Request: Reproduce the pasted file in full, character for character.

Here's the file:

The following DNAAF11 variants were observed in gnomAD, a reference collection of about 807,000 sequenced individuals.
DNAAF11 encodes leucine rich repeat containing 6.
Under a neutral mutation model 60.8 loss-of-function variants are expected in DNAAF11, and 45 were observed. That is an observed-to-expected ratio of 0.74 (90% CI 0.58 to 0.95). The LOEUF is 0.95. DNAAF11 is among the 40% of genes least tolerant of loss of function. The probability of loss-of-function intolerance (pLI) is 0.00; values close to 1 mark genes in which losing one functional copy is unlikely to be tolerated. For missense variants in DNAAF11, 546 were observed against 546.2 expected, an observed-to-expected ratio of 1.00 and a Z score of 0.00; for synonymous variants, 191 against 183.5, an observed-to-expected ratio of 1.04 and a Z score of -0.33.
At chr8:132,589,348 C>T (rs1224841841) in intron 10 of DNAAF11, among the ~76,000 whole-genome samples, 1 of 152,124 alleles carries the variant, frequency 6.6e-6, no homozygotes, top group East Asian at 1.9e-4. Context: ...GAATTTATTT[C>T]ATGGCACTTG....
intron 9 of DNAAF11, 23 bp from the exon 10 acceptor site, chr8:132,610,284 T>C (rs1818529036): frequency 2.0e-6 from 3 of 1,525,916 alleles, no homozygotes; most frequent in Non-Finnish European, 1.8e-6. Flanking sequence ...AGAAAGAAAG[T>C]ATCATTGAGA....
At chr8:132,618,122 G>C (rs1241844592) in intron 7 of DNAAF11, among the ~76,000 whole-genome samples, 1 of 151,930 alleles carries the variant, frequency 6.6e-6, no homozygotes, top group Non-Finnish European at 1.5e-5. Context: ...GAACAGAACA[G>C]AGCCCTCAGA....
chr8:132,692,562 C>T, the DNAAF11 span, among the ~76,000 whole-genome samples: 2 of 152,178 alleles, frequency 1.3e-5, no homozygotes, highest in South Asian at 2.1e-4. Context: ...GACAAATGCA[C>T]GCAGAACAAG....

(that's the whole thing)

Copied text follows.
The following DNAAF11 variants were observed in gnomAD, a reference collection of about 807,000 sequenced individuals.
DNAAF11 encodes leucine rich repeat containing 6.
Under a neutral mutation model 60.8 loss-of-function variants are expected in DNAAF11, and 45 were observed. That is an observed-to-expected ratio of 0.74 (90% CI 0.58 to 0.95). The LOEUF is 0.95. DNAAF11 is among the 40% of genes least tolerant of loss of function. The probability of loss-of-function intolerance (pLI) is 0.00; values close to 1 mark genes in which losing one functional copy is unlikely to be tolerated. For missense variants in DNAAF11, 546 were observed against 546.2 expected, an observed-to-expected ratio of 1.00 and a Z score of 0.00; for synonymous variants, 191 against 183.5, an observed-to-expected ratio of 1.04 and a Z score of -0.33.
At chr8:132,589,348 C>T (rs1224841841) in intron 10 of DNAAF11, among the ~76,000 whole-genome samples, 1 of 152,124 alleles carries the variant, frequency 6.6e-6, no homozygotes, top group East Asian at 1.9e-4. Context: ...GAATTTATTT[C>T]ATGGCACTTG....
intron 9 of DNAAF11, 23 bp from the exon 10 acceptor site, chr8:132,610,284 T>C (rs1818529036): frequency 2.0e-6 from 3 of 1,525,916 alleles, no homozygotes; most frequent in Non-Finnish European, 1.8e-6. Flanking sequence ...AGAAAGAAAG[T>C]ATCATTGAGA....
At chr8:132,618,122 G>C (rs1241844592) in intron 7 of DNAAF11, among the ~76,000 whole-genome samples, 1 of 151,930 alleles carries the variant, frequency 6.6e-6, no homozygotes, top group Non-Finnish European at 1.5e-5. Context: ...GAACAGAACA[G>C]AGCCCTCAGA....
chr8:132,692,562 C>T, the DNAAF11 span, among the ~76,000 whole-genome samples: 2 of 152,178 alleles, frequency 1.3e-5, no homozygotes, highest in South Asian at 2.1e-4. Context: ...GACAAATGCA[C>T]GCAGAACAAG....